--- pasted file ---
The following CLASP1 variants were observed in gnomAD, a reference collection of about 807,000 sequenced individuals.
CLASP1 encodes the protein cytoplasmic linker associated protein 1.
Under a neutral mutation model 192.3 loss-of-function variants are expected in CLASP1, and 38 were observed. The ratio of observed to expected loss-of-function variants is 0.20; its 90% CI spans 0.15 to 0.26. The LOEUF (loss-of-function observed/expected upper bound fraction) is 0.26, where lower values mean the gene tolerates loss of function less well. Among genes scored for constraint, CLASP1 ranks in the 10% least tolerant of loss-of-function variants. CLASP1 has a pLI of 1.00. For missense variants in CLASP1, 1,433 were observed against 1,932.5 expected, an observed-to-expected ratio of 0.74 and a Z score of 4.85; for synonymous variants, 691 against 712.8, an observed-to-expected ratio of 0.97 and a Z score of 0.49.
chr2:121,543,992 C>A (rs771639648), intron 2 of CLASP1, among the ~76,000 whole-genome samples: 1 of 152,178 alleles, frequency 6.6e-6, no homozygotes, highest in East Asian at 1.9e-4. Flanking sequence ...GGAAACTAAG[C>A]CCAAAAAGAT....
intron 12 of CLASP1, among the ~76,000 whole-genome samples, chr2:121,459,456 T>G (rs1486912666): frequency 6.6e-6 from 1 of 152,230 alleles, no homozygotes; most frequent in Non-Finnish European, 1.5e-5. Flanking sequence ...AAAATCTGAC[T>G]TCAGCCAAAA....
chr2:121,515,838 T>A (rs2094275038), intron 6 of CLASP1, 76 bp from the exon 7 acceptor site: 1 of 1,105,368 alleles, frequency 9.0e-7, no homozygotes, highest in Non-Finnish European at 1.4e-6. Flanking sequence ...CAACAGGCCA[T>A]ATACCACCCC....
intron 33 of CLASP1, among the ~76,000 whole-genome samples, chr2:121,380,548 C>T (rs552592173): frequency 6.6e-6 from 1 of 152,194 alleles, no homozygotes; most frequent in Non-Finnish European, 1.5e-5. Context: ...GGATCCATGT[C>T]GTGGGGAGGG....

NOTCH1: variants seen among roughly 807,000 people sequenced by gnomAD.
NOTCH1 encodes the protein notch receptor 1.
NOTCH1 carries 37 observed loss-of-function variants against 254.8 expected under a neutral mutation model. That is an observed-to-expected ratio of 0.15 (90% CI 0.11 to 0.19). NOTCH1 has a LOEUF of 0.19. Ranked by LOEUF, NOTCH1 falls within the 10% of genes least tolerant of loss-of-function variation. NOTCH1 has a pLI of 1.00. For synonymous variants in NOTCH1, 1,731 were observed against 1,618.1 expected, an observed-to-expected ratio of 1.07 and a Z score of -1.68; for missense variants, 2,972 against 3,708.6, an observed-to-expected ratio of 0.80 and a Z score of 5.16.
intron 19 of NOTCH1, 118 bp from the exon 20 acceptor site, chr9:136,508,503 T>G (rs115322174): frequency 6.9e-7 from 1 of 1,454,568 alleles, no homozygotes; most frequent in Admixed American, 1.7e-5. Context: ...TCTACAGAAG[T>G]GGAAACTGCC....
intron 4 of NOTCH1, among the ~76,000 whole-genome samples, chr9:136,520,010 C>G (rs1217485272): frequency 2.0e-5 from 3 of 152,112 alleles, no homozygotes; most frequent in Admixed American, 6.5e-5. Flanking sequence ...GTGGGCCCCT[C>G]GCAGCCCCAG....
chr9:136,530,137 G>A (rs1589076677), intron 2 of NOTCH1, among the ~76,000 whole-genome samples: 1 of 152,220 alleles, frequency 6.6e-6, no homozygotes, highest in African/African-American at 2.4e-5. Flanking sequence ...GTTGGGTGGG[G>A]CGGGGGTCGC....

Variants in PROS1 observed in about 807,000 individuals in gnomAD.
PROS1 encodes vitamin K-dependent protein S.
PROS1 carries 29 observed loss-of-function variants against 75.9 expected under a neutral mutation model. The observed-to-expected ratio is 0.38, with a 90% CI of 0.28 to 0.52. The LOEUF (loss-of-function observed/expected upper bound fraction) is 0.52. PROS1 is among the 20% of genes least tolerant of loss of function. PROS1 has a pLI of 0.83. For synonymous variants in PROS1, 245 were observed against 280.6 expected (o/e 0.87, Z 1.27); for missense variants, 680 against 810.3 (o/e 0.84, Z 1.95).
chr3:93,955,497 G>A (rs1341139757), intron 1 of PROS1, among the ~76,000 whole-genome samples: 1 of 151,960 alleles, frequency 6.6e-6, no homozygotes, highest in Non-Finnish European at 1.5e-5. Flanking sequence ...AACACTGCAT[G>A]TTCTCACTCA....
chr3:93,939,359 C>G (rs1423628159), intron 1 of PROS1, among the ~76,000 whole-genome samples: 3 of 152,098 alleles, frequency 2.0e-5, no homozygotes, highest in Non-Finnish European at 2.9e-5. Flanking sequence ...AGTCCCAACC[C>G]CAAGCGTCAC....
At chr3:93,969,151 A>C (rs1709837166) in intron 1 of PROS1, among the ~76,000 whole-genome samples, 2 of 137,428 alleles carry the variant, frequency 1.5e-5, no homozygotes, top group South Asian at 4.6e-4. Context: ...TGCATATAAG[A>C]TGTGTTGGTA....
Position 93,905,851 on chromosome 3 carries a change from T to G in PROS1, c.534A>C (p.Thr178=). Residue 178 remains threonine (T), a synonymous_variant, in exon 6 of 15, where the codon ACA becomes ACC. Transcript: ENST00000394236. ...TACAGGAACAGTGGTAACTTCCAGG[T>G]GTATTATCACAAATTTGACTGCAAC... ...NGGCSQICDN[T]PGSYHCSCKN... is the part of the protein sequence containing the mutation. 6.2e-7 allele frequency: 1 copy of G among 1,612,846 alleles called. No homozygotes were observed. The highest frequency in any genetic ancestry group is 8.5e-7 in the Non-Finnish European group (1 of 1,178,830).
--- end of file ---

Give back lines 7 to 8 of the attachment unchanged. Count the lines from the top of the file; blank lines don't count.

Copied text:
intron 33 of CLASP1, among the ~76,000 whole-genome samples, chr2:121,380,548 C>T (rs552592173): frequency 6.6e-6 from 1 of 152,194 alleles, no homozygotes; most frequent in Non-Finnish European, 1.5e-5. Context: ...GGATCCATGT[C>T]GTGGGGAGGG....

NOTCH1: variants seen among roughly 807,000 people sequenced by gnomAD.